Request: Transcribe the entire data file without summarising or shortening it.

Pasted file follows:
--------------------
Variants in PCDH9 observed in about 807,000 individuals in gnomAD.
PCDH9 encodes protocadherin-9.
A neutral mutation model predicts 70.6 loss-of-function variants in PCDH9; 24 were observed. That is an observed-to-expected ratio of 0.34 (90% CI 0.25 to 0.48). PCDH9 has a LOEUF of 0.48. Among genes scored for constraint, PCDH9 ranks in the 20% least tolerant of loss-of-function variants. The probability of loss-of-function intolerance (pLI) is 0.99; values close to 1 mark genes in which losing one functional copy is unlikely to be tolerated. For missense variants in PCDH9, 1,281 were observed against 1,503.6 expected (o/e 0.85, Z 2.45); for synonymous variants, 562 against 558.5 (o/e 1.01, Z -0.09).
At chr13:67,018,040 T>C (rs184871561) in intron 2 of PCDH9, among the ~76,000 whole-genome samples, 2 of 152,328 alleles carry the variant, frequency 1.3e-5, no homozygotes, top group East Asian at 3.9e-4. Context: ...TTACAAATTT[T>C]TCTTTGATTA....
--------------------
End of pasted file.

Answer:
Variants in PCDH9 observed in about 807,000 individuals in gnomAD.
PCDH9 encodes protocadherin-9.
A neutral mutation model predicts 70.6 loss-of-function variants in PCDH9; 24 were observed. That is an observed-to-expected ratio of 0.34 (90% CI 0.25 to 0.48). PCDH9 has a LOEUF of 0.48. Among genes scored for constraint, PCDH9 ranks in the 20% least tolerant of loss-of-function variants. The probability of loss-of-function intolerance (pLI) is 0.99; values close to 1 mark genes in which losing one functional copy is unlikely to be tolerated. For missense variants in PCDH9, 1,281 were observed against 1,503.6 expected (o/e 0.85, Z 2.45); for synonymous variants, 562 against 558.5 (o/e 1.01, Z -0.09).
At chr13:67,018,040 T>C (rs184871561) in intron 2 of PCDH9, among the ~76,000 whole-genome samples, 2 of 152,328 alleles carry the variant, frequency 1.3e-5, no homozygotes, top group East Asian at 3.9e-4. Context: ...TTACAAATTT[T>C]TCTTTGATTA....